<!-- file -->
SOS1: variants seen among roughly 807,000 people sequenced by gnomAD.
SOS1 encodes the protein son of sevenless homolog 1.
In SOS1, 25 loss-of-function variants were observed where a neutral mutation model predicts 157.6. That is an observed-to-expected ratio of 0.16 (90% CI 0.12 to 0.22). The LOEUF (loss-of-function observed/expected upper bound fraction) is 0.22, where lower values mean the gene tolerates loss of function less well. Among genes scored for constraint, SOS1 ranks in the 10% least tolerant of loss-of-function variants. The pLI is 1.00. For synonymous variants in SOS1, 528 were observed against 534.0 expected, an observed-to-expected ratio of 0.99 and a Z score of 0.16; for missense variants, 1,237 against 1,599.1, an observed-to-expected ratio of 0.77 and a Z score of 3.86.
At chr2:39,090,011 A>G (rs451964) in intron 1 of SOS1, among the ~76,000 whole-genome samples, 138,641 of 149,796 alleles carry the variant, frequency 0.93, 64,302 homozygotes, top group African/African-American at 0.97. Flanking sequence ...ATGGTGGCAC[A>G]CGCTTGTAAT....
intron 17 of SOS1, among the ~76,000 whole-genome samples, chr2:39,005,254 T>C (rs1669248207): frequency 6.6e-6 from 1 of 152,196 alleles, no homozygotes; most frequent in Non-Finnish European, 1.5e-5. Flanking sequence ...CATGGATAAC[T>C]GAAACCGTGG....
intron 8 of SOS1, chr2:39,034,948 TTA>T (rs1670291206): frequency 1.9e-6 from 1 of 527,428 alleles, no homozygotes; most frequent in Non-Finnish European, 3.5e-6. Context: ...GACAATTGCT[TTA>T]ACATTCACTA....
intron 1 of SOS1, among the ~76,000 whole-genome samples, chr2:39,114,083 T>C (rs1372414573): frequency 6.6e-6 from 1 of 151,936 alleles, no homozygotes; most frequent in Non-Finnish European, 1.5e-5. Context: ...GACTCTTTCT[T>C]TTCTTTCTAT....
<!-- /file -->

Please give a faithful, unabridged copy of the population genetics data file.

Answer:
SOS1: variants seen among roughly 807,000 people sequenced by gnomAD.
SOS1 encodes the protein son of sevenless homolog 1.
In SOS1, 25 loss-of-function variants were observed where a neutral mutation model predicts 157.6. That is an observed-to-expected ratio of 0.16 (90% CI 0.12 to 0.22). The LOEUF (loss-of-function observed/expected upper bound fraction) is 0.22, where lower values mean the gene tolerates loss of function less well. Among genes scored for constraint, SOS1 ranks in the 10% least tolerant of loss-of-function variants. The pLI is 1.00. For synonymous variants in SOS1, 528 were observed against 534.0 expected, an observed-to-expected ratio of 0.99 and a Z score of 0.16; for missense variants, 1,237 against 1,599.1, an observed-to-expected ratio of 0.77 and a Z score of 3.86.
At chr2:39,090,011 A>G (rs451964) in intron 1 of SOS1, among the ~76,000 whole-genome samples, 138,641 of 149,796 alleles carry the variant, frequency 0.93, 64,302 homozygotes, top group African/African-American at 0.97. Flanking sequence ...ATGGTGGCAC[A>G]CGCTTGTAAT....
intron 17 of SOS1, among the ~76,000 whole-genome samples, chr2:39,005,254 T>C (rs1669248207): frequency 6.6e-6 from 1 of 152,196 alleles, no homozygotes; most frequent in Non-Finnish European, 1.5e-5. Flanking sequence ...CATGGATAAC[T>C]GAAACCGTGG....
intron 8 of SOS1, chr2:39,034,948 TTA>T (rs1670291206): frequency 1.9e-6 from 1 of 527,428 alleles, no homozygotes; most frequent in Non-Finnish European, 3.5e-6. Context: ...GACAATTGCT[TTA>T]ACATTCACTA....
intron 1 of SOS1, among the ~76,000 whole-genome samples, chr2:39,114,083 T>C (rs1372414573): frequency 6.6e-6 from 1 of 151,936 alleles, no homozygotes; most frequent in Non-Finnish European, 1.5e-5. Context: ...GACTCTTTCT[T>C]TTCTTTCTAT....